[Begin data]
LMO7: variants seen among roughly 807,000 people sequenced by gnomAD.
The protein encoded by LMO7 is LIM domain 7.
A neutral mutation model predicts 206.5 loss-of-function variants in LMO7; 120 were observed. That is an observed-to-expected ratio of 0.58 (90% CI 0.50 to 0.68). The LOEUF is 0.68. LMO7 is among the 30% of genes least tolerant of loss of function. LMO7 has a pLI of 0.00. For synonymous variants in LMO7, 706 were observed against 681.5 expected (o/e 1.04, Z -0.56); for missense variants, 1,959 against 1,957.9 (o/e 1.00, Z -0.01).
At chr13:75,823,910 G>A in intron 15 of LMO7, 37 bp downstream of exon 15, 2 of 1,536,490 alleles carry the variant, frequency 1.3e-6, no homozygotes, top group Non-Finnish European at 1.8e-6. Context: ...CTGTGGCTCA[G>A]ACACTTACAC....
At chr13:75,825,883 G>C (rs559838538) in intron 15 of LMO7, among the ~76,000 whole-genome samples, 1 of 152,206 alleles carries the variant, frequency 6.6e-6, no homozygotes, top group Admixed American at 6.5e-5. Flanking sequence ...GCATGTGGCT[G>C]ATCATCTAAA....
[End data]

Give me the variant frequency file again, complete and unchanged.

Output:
LMO7: variants seen among roughly 807,000 people sequenced by gnomAD.
The protein encoded by LMO7 is LIM domain 7.
A neutral mutation model predicts 206.5 loss-of-function variants in LMO7; 120 were observed. That is an observed-to-expected ratio of 0.58 (90% CI 0.50 to 0.68). The LOEUF is 0.68. LMO7 is among the 30% of genes least tolerant of loss of function. LMO7 has a pLI of 0.00. For synonymous variants in LMO7, 706 were observed against 681.5 expected (o/e 1.04, Z -0.56); for missense variants, 1,959 against 1,957.9 (o/e 1.00, Z -0.01).
At chr13:75,823,910 G>A in intron 15 of LMO7, 37 bp downstream of exon 15, 2 of 1,536,490 alleles carry the variant, frequency 1.3e-6, no homozygotes, top group Non-Finnish European at 1.8e-6. Context: ...CTGTGGCTCA[G>A]ACACTTACAC....
At chr13:75,825,883 G>C (rs559838538) in intron 15 of LMO7, among the ~76,000 whole-genome samples, 1 of 152,206 alleles carries the variant, frequency 6.6e-6, no homozygotes, top group Admixed American at 6.5e-5. Flanking sequence ...GCATGTGGCT[G>C]ATCATCTAAA....